The preschool education is an initial and mandatory stage of education, which was recognized under the Law on Education in 1999 (Law on Education, 1999). However, Kazakhstani preschool education lacks superior services because of impediments it encounters as qualified preschool teachers and other.
Nowadays, approximately 9000 preschool organizations with 80900 teachers serve throughout the country (National Report, 2017). Although National Report on Education (2015) provided data about the growth of the number of teachers within kindergartens, the State Program “Balapan” 2011-2020 indicates teachers’ professional quality as low. The percentage of preschool teachers with “preschool education and care” major was 34,9%. Still poor, if compared with the whole number of preschool teachers. Considering the data, it is possible to say that, although the number of preschool teaching staff is not in its dead end, the number of teachers with preschool education major is inadequate. A question of quality raises here because who can guarantee the quality of the service with the shortage of appropriate staff.
Hereby, let me share a personal experience. Due to the lack of standard kindergartens, we had to attend mini centers with less qualified staff. My son’s preschool teacher had a background in sales, but she is a person who has taken some courses in childcare. Though, my son has been taught by someone who is a retailer. And I am not satisfied with this. Should it be an ordinary case in our country? Well, at that time I thought that we were a bit unfortunate in choosing a preschool organization.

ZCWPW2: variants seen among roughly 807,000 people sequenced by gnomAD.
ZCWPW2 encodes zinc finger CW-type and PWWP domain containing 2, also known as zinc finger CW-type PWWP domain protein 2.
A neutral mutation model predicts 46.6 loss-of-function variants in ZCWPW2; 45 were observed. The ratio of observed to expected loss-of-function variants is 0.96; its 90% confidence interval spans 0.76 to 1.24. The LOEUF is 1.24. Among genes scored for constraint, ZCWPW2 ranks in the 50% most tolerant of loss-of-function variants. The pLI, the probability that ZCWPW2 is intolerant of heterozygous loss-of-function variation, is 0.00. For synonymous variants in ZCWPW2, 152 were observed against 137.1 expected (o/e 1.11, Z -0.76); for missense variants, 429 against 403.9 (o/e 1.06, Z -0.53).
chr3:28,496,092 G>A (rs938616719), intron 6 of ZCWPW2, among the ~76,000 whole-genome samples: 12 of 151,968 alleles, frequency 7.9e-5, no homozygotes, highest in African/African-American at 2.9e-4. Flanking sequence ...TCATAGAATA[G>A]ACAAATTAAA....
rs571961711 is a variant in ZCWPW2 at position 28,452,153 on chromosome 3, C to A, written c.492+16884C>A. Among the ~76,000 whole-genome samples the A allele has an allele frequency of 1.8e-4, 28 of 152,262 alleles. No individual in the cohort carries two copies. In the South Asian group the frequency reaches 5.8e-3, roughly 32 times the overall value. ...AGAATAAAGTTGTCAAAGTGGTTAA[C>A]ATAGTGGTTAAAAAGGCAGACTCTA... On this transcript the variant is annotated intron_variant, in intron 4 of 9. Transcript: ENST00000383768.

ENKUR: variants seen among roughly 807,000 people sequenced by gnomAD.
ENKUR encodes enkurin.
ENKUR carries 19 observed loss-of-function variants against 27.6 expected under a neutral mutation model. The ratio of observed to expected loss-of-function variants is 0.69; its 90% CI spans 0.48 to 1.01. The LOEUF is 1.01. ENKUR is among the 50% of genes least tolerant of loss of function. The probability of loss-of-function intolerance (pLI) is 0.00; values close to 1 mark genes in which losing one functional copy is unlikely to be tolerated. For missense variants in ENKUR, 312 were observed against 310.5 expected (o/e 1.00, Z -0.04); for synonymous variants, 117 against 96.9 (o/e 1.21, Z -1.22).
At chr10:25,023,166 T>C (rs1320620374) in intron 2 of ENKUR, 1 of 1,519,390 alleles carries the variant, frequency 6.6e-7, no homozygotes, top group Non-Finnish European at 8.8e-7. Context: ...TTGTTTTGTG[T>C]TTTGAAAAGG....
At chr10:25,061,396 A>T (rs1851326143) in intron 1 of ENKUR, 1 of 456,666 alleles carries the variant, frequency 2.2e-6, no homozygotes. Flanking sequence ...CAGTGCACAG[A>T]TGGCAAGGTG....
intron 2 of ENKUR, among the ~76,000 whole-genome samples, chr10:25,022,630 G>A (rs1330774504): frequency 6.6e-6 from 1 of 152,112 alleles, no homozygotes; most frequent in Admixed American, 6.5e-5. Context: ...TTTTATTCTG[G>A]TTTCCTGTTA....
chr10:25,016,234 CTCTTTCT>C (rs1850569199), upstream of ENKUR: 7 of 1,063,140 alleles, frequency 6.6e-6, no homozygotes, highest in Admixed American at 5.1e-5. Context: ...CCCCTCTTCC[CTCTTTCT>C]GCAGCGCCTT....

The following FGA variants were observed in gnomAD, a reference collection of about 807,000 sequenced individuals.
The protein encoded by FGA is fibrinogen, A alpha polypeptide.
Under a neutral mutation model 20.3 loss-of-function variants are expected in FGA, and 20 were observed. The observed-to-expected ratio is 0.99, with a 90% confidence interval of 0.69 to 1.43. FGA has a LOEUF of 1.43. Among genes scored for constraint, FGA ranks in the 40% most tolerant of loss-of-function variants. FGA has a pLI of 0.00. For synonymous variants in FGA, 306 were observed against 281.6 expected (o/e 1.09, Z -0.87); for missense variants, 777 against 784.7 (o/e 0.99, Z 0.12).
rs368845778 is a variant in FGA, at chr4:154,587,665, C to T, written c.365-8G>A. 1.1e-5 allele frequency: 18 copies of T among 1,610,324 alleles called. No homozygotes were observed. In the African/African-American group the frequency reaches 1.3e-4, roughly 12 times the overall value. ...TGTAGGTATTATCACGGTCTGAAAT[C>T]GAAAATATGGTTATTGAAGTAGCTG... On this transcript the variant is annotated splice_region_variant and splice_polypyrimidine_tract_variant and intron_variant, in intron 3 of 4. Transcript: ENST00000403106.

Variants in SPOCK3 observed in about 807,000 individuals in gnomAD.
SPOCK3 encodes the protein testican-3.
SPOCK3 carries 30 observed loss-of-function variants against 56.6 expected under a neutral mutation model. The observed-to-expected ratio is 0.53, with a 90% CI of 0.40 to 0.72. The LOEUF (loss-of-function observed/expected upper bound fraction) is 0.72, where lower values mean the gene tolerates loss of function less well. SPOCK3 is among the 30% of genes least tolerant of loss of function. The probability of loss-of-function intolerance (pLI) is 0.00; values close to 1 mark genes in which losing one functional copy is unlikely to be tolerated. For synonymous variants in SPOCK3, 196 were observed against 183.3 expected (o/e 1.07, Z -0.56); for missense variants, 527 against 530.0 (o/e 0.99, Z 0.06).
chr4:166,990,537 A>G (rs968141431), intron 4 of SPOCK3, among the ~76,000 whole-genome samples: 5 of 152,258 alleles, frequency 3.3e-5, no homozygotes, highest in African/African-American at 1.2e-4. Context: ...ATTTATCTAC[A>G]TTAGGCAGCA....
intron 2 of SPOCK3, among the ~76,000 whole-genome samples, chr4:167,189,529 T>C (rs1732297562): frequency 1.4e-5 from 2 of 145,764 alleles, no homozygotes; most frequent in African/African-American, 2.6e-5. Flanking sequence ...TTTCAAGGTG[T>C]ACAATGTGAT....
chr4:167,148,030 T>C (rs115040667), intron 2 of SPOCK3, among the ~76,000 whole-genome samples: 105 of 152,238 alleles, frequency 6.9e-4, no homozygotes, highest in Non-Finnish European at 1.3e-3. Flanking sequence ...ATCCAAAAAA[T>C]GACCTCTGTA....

But wait, look at the data. According to the State Program, more than 60% of preschool teachers have no qualification in preschool education, which makes me worry not only as a parent but as a concerned citizen as well. The scholars as Barnett and Riley-Ayers (2008) stated that teachers’ strong content knowledge about the children’s development and phycology is the key factor of success in preschool education. They need to take into account the style of teaching younger children, meet the needs of individuals and understand theoretical and practical pedagogy, as they interact with children. However, our Kazakhstani preschool education and teachers are missing the above-stated peculiarities. What consequences might a child face by being taught by someone who is not qualified at all? What about our society? How can it impact our society?
And What Can We Do with This?
Barnet, S. W., & Riley-Ayers, S. (2008). Public policy and workforce in early
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Irsaliev, S., Kultumanova, A., Tulekov, E., Buldybaev, T., Nurmuhametova, Zh.,
Kussidenova, G., Ismurzina, G. (2017). National report on the state and
development of educational system of the Republic of Kazakhstan. (for the years of Independence of Kazakhstan) Astana. JSC “IAC”.
Law on Education 7 June 1999, № 389-I. (1999). The Republic of Kazakhstan.
Retrieved from https://online.zakon.kz/Document/
MoES (Ministry of Education and Science of the Republic of Kazakhstan). (2010). The Program on Maintenance of Children with Preschool Education and Teaching “Balapan” 2011-2020. Astana. Ministry of Education and Science of the Republic of Kazakhstan.
National Review Report. (2015). UNESCO. Education for All. Kazakhstan. N 35 Country report. Mid-term assessment for achievement goals of Education for All. – Astana: NCEST, 2014- 98 Retrieved from http://unesdoc.unesco.org/images/0022/002297/229717E.pdf